- Get rid of any leftover food in the bowl or around the cage to prevent bacteria growth
- Replace the water
- Sniff all the cloth items and accessories in the cage and if there is any unpleasant smell, wash them in the washing machine with a unscented and hypo-allergenic laundry detergent
- You can quickly wipe the cage with fragrance-free baby wipes or wet wipe but it is not required to do this every day
Weekly cleaning activities
Weekly cleaning is a bit more thorough than daily cleaning and will probably take about 30-45 minutes of your time.
What you’ll need:
- Dish soap such as Dawn hypoallergenic soap or a cleaning product such as Nature’s Miracle Cage Cleaner
- Scrub brush and sponge
- anti-bacterial spray such as a pet-safe spray from ProVetLogic
- unscented and hypo-allergenic laundry detergent (I like this one)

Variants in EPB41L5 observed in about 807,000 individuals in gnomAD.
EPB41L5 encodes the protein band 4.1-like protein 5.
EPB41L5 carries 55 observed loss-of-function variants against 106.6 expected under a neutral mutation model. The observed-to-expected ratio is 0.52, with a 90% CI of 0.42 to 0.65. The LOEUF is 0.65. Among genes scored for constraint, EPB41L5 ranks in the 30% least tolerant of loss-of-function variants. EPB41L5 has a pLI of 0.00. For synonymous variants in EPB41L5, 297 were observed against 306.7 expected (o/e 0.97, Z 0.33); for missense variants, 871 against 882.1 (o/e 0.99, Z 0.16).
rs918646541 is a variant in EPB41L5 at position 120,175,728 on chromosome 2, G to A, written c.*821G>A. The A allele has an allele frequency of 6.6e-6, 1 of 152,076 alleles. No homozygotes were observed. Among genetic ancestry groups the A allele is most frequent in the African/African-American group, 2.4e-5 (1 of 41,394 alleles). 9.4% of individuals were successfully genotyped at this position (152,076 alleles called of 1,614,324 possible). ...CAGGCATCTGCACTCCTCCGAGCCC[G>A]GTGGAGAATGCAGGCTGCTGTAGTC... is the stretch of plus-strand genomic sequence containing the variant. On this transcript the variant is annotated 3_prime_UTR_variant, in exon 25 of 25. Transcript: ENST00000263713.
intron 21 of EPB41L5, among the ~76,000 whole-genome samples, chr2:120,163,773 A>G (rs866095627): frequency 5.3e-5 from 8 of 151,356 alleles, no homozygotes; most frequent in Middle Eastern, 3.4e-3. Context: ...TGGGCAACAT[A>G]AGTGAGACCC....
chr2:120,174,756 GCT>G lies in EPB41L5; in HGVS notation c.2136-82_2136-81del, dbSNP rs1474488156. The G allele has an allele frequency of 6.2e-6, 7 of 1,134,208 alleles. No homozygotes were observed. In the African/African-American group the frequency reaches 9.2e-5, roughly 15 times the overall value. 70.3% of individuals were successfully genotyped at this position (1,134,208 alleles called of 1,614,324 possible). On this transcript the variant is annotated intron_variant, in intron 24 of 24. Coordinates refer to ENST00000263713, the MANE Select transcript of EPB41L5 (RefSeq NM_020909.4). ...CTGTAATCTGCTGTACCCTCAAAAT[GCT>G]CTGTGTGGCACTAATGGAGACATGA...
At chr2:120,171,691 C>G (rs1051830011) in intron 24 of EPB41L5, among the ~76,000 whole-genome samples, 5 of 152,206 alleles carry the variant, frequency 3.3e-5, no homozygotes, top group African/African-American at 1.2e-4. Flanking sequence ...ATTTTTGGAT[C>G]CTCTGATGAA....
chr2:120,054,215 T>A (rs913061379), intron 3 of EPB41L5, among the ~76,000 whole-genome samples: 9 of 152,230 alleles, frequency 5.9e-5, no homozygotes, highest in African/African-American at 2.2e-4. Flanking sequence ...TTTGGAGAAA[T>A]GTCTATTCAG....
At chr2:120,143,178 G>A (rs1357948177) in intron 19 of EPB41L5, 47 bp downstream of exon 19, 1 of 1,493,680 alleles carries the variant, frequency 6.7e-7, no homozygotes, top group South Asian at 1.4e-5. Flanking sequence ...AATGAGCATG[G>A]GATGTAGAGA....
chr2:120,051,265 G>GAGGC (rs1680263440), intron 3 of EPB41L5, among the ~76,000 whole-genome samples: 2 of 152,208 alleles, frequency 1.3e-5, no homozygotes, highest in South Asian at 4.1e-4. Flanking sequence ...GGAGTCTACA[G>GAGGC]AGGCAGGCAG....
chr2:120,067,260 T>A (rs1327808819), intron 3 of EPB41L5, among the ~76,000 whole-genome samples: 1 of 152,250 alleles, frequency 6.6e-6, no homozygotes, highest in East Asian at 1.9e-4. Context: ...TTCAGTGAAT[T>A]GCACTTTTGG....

Empty the cage
- Remove all toys and accessories from the cage
- throw away litter and dirty bedding (but keep 2 poops, I’ll explain later why you’ll need them)
- put the rats in their temporary cage
Clean the cage
The cleaning process is easiest to do outdoors or in the bath / shower. If you have a large cage and this is not an option for you, you can do it in the room where the cage is located, but have something water-resistant under and around the cage so your floor doesn’t get wet.
- spray the cage with warm water so the residue softens which will make the cleaning easier
- prepare a bucket filled with water and a dish wash such as the mentioned Dawn soap or use a cleaning product such as Nature’s Miracle Cage Cleaner
- soak the sponge and clean the cage
- use a scrub brush to thoroughly clean the residue
- rinse it well and do it a few times to make sure no soap is left
After you’ve cleaned the cage with a cleaning product, the next step is to disinfect it.
Disinfect the cage
Disinfecting the cage should be done at least twice a month. You should also disinfect it if you’re introducing a new rat or if your rat is sick. Many people use bleach and water solution to disinfect the cage because the bleach is a strong disinfectant but it can also be harmful to the rat’s sensitive respiratory system. I prefer to use an anti-bacterial spray.
- spray the cage with an anti-bacterial spray such as the mentioned pet-safe spray